Class A Fires (Wood, Paper, Cloths, Trash, etc.) are the most common types of fires to occur at construction sites. Which is why OSHA requires a minimum of a 2A fire extinguisher for every 3,000 square feet of the construction site. However, it is not the only type of fire that may occur.

Construction sites that use more than five gallons of flammable or combustible liquids or five gallons of flammable gasses need to use Class B rated fire extinguishers. Construction sites that involve a high amount of electrical equipment or wiring at the site need to use a Class C rated fire extinguisher.

Fire extinguishers that are rated for Class A, B and C fires are the most versatile type of fire extinguishers and meet OSHA’s guidelines for fire extinguishers for those respective fires.

Click HERE to learn more about which type of fire extinguisher you need for your construction site.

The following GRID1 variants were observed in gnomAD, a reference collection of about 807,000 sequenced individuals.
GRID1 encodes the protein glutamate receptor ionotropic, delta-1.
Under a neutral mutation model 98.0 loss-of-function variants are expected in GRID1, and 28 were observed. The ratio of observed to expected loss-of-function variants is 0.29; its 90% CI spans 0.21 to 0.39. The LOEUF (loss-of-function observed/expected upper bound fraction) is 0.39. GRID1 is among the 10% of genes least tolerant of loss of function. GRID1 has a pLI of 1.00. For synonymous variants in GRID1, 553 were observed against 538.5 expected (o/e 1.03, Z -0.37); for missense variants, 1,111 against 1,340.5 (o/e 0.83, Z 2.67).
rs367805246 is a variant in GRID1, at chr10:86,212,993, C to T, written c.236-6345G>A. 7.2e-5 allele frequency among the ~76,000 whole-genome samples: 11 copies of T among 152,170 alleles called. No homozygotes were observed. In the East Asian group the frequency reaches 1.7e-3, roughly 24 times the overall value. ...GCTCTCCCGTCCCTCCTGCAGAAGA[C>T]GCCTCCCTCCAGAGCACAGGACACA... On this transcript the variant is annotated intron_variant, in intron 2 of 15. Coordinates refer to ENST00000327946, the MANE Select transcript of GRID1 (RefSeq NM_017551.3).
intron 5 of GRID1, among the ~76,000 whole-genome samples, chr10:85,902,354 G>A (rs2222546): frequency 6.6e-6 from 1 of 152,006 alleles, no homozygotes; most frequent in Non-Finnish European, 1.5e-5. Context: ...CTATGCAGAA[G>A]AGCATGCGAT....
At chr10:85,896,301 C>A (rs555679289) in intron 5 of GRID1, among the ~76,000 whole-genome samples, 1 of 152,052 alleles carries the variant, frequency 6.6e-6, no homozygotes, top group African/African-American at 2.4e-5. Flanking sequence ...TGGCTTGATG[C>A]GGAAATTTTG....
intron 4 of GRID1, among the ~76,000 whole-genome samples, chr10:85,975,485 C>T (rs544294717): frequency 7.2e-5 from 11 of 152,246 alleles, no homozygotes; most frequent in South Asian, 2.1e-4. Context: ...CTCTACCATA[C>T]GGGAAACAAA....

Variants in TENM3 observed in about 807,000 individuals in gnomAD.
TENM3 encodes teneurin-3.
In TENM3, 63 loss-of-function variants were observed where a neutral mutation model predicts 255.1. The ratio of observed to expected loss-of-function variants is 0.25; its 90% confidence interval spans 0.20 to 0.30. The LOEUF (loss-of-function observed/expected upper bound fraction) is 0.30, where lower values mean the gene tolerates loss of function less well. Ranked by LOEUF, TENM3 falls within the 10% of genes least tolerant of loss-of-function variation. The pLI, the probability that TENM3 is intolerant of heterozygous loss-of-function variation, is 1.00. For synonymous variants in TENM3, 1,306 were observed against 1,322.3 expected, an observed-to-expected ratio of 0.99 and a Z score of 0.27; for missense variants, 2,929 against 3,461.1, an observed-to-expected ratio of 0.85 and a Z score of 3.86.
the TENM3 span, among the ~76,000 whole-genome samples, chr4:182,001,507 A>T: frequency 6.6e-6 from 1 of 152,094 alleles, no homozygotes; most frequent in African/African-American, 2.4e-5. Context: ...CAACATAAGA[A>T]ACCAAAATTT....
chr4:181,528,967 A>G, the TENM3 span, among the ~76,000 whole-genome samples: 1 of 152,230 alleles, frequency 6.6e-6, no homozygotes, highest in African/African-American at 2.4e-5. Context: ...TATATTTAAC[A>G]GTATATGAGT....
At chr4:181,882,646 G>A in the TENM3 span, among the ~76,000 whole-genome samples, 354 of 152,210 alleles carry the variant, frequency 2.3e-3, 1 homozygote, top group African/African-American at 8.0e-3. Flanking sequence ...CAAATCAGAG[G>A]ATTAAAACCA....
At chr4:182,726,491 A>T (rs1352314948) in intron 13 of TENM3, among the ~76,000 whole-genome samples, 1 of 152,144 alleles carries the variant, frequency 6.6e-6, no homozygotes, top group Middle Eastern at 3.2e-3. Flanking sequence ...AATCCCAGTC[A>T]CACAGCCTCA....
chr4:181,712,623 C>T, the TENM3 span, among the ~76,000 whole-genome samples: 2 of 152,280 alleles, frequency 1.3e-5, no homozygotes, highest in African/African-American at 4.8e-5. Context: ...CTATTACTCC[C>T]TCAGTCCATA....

Portable Fire Extinguishers VS Wheeled Fire Extinguishers

Portable Fire Extinguishers: Weighing between 2.5 pounds and 30 pounds (agent capacity), portable fire extinguishers are small and designed to hang on a wall or fit in the trunk of a car. They can be used for Class A, B and C fires.

Portable Fire Extinguishers are great for smaller fires. Most businesses, homes, workplaces and public places are fitted with portable fire extinguishers due to their ease of use, affordability and portability.

To learn more about portable fire extinguishers, read our other article titled, “Understanding Portable Fire Extinguishers – Use and Limitations.”.